Export Firewall Logs on VMware Cloud on AWS to VMware Log Intelligence and Splunk

This blog post will walk through how to export VMware Cloud on AWS Firewall logs to a SIEM like Splunk.

Most of my blog posts are driven by customer questions and one that has come up on several occasions is the requirement to log network firewall flows.

This is typically required for auditing, troubleshooting and security analysis purposes. I needed it myself recently to troubleshoot a connectivity issue in my own lab.

To export firewall logs from traffic traversing VMware Cloud on AWS firewalls, we need to send the logs via Log Intelligence:

VMware Cloud on AWS integrates with VMware’s Cloud Logging platform VMware Log Intelligence. VMware Log Intelligence is essentially our Logging-As-A-Service platform.

A very good post was previously written on this subject on the VMware Cloud blog – mine is more focused on exporting the security logs to Splunk.

Log Intelligence provides visibility into VMware Cloud on AWS NSX-T network packet logs. We can analyze and troubleshoot application flows through visibility into packets matching specific NSX firewall rules.

In practical terms, VMware Log Intelligence is another service that can be accessed over the VMware Cloud Portal (console.cloud.vmware.com).

On the Log Intelligence portal, simply enable “NSX-T Firewall Logs Collection” in Log Management – NSXT.

You can now go back to the VMware Cloud on AWS Console.

When you create a firewall rule (on any of the gateways or on the distributed firewall), you can simply enable the Logging on the firewall rule.

For example, if you wanted to capture traffic to your SDDC NSX Manager, just enable logging on the rule on the right-hand side (in the example below, the source is “Any” but obviously you can specify which source IPs you want to allow).

You will see logs appearing in VMware Log Intelligence:

When you drill down on some of these logs, you can see for example a packet sent from 172.30.0.177 (vRealize Network Insight Proxy on-prem) to the VMware Cloud on AWS vCenter on 10.56.224.4 over HTTPS (443). You will notice the Firewall Action (PASS) – we are allowing the traffic through.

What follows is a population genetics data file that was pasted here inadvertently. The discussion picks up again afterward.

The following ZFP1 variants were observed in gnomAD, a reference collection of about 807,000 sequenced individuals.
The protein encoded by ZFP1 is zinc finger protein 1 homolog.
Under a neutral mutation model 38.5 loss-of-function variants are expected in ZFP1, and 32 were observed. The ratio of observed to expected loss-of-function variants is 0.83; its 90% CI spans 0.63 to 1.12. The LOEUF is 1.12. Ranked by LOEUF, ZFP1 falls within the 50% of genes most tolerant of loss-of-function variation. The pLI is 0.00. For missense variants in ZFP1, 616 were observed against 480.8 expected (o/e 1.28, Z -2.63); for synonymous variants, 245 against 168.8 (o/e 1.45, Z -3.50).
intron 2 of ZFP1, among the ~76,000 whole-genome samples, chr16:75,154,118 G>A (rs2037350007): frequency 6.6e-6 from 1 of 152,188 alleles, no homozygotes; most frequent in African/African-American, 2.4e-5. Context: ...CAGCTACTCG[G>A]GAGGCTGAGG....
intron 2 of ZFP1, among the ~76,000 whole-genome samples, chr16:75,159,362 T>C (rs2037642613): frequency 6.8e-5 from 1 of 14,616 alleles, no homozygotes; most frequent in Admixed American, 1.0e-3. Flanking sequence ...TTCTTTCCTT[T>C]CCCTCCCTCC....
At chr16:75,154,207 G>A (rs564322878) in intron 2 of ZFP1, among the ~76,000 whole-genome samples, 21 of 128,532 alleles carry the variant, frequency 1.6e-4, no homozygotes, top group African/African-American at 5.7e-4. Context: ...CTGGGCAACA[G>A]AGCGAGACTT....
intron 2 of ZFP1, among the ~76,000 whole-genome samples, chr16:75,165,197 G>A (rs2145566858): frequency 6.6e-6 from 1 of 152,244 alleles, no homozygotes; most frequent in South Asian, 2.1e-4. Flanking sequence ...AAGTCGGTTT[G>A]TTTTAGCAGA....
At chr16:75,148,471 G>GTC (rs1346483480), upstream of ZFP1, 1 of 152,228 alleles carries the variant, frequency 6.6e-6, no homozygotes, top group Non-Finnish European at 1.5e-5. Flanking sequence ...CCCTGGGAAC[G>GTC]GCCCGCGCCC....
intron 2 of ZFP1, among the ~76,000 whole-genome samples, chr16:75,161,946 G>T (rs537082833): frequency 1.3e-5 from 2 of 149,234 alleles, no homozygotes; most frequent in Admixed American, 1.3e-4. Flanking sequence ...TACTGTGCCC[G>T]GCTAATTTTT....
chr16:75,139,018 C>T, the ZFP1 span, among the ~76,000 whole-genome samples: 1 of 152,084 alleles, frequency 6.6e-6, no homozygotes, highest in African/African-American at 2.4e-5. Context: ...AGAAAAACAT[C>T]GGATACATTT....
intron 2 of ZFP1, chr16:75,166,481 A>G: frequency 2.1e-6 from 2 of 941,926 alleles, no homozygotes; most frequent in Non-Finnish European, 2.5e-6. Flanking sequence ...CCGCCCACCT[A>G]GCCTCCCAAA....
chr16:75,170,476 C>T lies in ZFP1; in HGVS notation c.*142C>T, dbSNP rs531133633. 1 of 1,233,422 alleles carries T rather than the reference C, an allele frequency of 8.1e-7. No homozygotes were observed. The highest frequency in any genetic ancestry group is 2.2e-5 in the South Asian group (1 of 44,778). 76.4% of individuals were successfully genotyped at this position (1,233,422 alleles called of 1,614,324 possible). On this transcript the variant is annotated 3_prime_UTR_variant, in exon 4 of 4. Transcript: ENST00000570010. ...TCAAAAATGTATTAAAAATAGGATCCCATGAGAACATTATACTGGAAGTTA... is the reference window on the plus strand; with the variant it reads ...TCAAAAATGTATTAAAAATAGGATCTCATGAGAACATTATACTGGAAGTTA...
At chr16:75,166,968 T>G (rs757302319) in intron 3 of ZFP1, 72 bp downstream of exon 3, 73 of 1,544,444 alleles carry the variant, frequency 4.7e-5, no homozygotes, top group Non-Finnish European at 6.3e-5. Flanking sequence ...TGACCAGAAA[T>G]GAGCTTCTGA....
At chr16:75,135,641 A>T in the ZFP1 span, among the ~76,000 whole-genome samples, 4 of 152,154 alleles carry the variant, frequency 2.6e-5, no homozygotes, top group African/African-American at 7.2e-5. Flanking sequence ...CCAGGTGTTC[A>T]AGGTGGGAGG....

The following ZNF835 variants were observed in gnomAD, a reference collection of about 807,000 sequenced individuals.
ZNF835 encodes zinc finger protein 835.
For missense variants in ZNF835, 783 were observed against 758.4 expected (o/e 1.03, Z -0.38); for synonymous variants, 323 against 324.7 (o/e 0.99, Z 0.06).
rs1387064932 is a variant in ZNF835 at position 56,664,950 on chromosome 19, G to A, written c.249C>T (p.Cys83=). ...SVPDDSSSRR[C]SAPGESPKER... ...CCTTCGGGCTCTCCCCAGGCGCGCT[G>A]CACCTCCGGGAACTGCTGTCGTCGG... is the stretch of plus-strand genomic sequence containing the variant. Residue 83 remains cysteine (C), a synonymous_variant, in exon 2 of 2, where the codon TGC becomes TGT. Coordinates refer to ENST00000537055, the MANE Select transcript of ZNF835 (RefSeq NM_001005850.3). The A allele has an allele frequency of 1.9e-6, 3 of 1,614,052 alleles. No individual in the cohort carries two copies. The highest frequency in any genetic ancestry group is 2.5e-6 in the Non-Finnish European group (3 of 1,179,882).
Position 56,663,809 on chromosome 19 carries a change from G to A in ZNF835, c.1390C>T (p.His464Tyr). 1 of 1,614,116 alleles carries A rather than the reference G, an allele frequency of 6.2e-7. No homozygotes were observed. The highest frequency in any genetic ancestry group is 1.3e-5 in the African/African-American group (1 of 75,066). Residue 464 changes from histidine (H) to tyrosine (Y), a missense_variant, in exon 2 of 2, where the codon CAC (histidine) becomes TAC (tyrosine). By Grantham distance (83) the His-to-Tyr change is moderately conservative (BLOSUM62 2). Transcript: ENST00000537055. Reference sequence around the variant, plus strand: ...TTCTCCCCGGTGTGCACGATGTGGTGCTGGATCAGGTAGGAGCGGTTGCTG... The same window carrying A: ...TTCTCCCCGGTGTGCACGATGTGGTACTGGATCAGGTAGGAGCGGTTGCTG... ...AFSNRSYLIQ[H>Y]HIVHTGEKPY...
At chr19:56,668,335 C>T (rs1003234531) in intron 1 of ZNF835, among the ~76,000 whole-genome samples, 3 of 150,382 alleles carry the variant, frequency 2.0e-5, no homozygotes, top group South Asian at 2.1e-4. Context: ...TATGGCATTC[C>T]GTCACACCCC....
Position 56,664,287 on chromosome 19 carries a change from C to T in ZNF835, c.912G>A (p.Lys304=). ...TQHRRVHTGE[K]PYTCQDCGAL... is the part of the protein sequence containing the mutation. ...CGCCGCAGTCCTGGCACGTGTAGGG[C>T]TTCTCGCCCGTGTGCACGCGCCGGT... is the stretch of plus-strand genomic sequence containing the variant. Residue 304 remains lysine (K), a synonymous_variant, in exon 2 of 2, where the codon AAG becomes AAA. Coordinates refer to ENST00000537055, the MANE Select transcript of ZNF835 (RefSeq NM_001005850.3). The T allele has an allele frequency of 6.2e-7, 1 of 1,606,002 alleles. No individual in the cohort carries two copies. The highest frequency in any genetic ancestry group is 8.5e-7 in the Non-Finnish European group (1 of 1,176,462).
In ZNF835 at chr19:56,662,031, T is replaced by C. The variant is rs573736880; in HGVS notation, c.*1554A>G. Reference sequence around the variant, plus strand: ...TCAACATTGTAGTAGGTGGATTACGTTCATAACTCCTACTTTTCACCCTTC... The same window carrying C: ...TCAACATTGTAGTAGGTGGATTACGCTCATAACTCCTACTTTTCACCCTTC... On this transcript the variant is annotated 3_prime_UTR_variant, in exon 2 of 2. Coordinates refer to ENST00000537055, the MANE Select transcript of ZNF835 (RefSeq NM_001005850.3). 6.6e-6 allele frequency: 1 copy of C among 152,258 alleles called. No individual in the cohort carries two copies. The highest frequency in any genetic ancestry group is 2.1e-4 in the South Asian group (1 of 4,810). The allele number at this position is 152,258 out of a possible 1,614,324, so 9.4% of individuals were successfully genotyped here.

Even more powerful is the ability to forward these logs to a SIEM (Security Information and Event Management), with Splunk being the most common and widely deployed SIEM.

I deployed a Cloud-hosted version of Splunk Enterprise Version 7.2.5.1 on an EC2 instance from an AMI in the AWS Marketplace. Installing it was fairly straight-forward for someone who’s never used Splunk before. Obviously you can deploy a Splunk elsewhere – on-prem or on VMware Cloud on AWS itself.

For Splunk to accept logs over HTTP/HTTPS from VMC, we need to first set up the data inputs and configure HTTP Event Collector. The instructions on the Splunk website were a good help.

The Splunk administrator simply needs to create a new token, which will be used for authentication. In our Splunk, the token value is e0b3fac1-4110-a51c-3d6ddccfc213.

Log Forwarding on VMware Log Intelligence requires the use of a Cloud Proxy (a virtual appliance, which Log Intelligence will communicate through to forward logs to a SIEM). The installation and configuration is really straight-forward. We already have deployed a Cloud Proxy in our lab to leverage VMware Cloud Assembly so I could just re-use it.

On the Log Intelligence portal, go to the Log Forwarding section, select Destination (On-Prem), select the Cloud Proxy and the Endpoint Type (Splunk) in my example.

The endpoint URL should be the Splunk collector (https://splunk-url:8088/services/collector) and make sure the Authorization header follows the model below (“Splunk API-token” where the API token is the one previously configured.).

You can forward all logs to Splunk – might be more than you actually need!

Or if you’re just interested in firewall logs, just export a subset of the logs with this:

Once set up, you will see how many events and logs are forwarded over to Splunk.

Make sure you allow traffic to the 8008 port to your Splunk (I had to allow it on my AWS Security Group) or the traffic will be dropped.

That’s it ! I know this post is a bit niche but some of our customers asked so it might be useful someday for someone. Thanks for reading.

Posted in VMC

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